Altice Co-Founder Has Finished Testifying in Corruption Probe

Armando Pereira, the co-founder and former chief operating officer of telecommunications group Altice, finished testifying on Thursday after being detained in Portugal as part of a sweeping investigation into alleged corruption.

(Bloomberg) — Armando Pereira, the co-founder and former chief operating officer of telecommunications group Altice, finished testifying on Thursday after being detained in Portugal as part of a sweeping investigation into alleged corruption.

Pereira will remain in custody at least until Monday or Tuesday pending a decision from the judge, Pedro Marinho Falcao, one of his lawyers, told Bloomberg News. Pereira was one of three people detained after police carried out 90 searches in homes and offices on Thursday and Friday last week in what authorities said was a three-year investigation into private corruption, tax fraud and money laundering.

He’s “completely” innocent, Manuel Magalhaes e Silva, another of Pereira’s lawyers, said on television channel RTP3 on Thursday. “There are various situations involving other people that, through presumption and building a narrative, they also want to impute to Armando Pereira.”

Hernani Antunes, who was also detained as part of the investigation, will be questioned next, Silva said. Rui Patricio, a lawyer for Antunes, confirmed he’s detained and declined to make further comments.

While Pereira no longer holds a formal executive role at Altice, his influence runs deep in the group that includes Altice Europe NV and the listed unit Altice USA Inc. After co-founding the company two decades ago with billionaire Patrick Drahi, he remained central to the company, handling the technical side of the business, the contracts with suppliers and cost-cutting in human resources.

“Historically, he was considered as Patrick Drahi’s right hand in the group,” said Olivier Lelong, a delegate for the CFDT union at Altice in France.

Read more: Billionaire Drahi’s Ally Put in Spotlight in Corruption Probe

Drahi founded Altice with Pereira and another partner in France in 2002 and expanded it through high-profile acquisitions of companies like French carrier SFR Group SA, and Suddenlink Communications and Cablevision Systems Corp. in the US. Altice also became the biggest shareholder of British carrier BT Group Plc after starting to build a stake in 2021. Years of aggressive acquisitions fueled by cheap borrowing have saddled the businesses with more than $50 billion of debt.

Placed On Leave

Altice International said on Wednesday it placed several key legal representatives, managers and employees in Portugal and other countries on leave while the investigation is carried out, and said it will consider all “legal options.”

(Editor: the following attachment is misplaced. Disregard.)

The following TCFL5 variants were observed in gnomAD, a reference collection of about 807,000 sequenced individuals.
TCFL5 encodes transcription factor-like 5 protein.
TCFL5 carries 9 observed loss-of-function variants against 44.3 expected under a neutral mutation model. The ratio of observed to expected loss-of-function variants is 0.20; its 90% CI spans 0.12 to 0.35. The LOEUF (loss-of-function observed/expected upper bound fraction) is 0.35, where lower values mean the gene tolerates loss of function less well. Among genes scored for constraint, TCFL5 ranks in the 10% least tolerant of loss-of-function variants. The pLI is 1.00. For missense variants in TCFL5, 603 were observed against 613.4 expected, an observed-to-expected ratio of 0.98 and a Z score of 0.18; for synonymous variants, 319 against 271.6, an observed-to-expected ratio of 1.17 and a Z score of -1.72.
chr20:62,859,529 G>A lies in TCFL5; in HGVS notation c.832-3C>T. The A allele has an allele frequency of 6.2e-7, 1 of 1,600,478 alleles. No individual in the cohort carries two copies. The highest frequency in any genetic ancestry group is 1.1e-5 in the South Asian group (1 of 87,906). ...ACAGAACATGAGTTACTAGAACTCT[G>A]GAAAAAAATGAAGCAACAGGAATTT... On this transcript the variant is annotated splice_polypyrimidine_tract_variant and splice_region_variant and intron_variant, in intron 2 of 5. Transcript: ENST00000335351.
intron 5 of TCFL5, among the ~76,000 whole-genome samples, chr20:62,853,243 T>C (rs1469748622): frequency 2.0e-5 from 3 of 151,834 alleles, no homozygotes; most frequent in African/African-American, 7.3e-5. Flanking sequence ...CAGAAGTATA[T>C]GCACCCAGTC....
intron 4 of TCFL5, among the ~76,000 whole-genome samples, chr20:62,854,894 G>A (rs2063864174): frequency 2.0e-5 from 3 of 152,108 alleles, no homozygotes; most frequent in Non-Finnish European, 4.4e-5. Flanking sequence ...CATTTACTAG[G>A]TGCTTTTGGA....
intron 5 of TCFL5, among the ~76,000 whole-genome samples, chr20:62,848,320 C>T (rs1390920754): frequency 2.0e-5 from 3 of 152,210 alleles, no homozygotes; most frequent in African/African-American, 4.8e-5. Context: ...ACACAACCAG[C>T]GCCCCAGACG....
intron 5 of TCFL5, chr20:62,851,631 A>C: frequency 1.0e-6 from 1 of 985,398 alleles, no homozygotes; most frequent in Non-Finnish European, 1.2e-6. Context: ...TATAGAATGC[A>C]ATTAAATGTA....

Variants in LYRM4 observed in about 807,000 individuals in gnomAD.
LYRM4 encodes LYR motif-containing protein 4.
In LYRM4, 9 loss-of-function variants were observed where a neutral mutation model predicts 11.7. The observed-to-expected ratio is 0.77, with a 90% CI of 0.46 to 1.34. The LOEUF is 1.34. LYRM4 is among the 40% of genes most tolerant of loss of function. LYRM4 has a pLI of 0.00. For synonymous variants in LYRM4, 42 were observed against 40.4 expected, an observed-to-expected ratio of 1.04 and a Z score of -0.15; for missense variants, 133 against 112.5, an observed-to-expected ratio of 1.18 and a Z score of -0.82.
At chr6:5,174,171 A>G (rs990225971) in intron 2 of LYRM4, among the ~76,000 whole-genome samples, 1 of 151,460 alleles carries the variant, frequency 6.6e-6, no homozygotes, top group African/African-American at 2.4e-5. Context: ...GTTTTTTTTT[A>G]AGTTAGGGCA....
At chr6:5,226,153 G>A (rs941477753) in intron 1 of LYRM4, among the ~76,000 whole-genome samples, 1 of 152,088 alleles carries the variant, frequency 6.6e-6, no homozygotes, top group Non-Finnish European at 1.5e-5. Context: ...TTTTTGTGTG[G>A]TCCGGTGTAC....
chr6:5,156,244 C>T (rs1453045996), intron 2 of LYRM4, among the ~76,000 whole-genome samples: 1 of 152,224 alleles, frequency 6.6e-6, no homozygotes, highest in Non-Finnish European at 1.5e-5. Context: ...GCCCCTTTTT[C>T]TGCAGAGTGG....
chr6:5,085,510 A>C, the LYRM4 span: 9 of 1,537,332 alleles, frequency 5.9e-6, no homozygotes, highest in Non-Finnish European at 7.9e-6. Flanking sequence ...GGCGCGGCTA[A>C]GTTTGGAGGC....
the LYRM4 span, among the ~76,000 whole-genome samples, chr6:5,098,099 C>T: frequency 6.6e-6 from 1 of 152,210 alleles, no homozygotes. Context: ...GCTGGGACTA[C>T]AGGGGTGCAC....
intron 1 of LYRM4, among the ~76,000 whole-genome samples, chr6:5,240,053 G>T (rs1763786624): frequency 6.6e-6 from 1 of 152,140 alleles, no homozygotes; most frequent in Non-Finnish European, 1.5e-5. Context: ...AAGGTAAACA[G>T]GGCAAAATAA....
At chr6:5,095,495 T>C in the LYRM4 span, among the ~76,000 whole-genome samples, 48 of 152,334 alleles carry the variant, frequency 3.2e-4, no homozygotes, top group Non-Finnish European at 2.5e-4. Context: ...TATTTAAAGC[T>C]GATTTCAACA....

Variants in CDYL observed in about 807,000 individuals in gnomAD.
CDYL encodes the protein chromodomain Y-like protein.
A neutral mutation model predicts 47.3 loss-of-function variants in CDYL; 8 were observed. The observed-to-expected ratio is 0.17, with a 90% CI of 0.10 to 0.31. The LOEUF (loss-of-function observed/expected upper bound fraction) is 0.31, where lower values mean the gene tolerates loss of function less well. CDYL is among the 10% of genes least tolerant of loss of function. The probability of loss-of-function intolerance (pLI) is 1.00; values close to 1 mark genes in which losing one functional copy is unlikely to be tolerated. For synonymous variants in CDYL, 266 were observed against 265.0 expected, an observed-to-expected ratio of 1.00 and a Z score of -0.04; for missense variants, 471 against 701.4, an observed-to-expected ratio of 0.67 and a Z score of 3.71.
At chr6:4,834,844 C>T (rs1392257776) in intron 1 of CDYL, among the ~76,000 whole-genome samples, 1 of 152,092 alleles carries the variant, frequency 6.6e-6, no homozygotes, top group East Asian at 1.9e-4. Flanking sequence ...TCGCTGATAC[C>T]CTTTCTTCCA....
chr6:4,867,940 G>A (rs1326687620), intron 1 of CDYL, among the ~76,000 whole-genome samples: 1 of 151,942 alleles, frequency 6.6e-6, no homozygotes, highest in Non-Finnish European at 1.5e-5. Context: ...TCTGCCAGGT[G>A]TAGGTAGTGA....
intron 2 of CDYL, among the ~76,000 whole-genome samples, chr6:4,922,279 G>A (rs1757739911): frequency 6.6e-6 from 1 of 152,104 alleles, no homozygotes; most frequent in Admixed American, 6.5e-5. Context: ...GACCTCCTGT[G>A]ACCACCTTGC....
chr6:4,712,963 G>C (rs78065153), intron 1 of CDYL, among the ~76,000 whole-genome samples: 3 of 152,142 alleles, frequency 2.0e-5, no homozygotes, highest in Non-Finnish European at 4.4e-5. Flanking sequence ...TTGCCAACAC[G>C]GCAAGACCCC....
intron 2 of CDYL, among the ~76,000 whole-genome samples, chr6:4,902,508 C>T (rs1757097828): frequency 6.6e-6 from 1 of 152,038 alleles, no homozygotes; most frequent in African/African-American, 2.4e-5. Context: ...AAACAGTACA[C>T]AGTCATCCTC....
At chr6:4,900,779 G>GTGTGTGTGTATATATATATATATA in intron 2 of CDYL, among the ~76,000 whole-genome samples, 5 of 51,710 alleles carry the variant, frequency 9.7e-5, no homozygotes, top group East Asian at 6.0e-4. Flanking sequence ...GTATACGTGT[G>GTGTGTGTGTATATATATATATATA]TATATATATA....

“The Portuguese prosecution authority clarified that its investigation related to harmful practices for which Altice Portugal and its subsidiaries are impacted and therefore victims of fraud by individuals,” Altice International said in an emailed statement.

Altice USA’s chief procurement officer, Yossi Benchetrit, is among those placed on leave while the company carries out an internal investigation begun “in response to the circumstances in Portugal,” according to an internal memo seen by Bloomberg News. Benchetrit is also Pereira’s son-in-law.

“We take this investigation very seriously and will continue to act diligently and with urgency to make decisions that are in the best interest of our employees, customers, and shareholders,” Dennis Mathew, chairman and chief executive officer of Altice USA wrote in the memo. “Altice USA conducts its business with the highest integrity.”

Portugal has become strategically important to Altice France, with various suppliers based in the country. Pereira was still working for the group in an advisory role and was seen at the Altice France headquarters last week. Last August, he was described in an internal memo as an adviser to the new CEO of Altice France.

Portuguese Probe

Prosecutors suspect that procurement decisions taken at Altice, the largest telecommunications operator in Portugal, were rigged in a way that harmed the group’s own companies and competitors, Portugal’s Central Department of Criminal Investigation and Prosecution said in a statement on Friday last week.

The company’s Portuguese unit said its offices were among those searched in relation to an investigation of individuals and entities outside of Altice Group. It has started an internal probe of its procurement and real estate sales, and has suspended payments to entities targeted by the authorities.

It also said in a statement on Monday that Alexandre Fonseca, the group’s co-CEO and chairman of its units in the US and Portugal, had temporarily stepped down to “fully protect and safeguard” the company amid the investigation into events that occurred while he was CEO of the Portuguese unit. There is no evidence to suggest that Fonseca is under investigation himself at the moment.

Fonseca said in a Linkedin post that he was completely unaware of any activity related to the allegations in the ongoing investigation.

His lawyer, Rogerio Alves, said in an email on Monday evening that he wasn’t going to comment for now.

Following news of Fonseca’s suspension, second-lien bonds issued by Altice Finco maturing in 2028 on Monday posted the steepest daily drop since they were issued in 2017, according to data compiled by Bloomberg.

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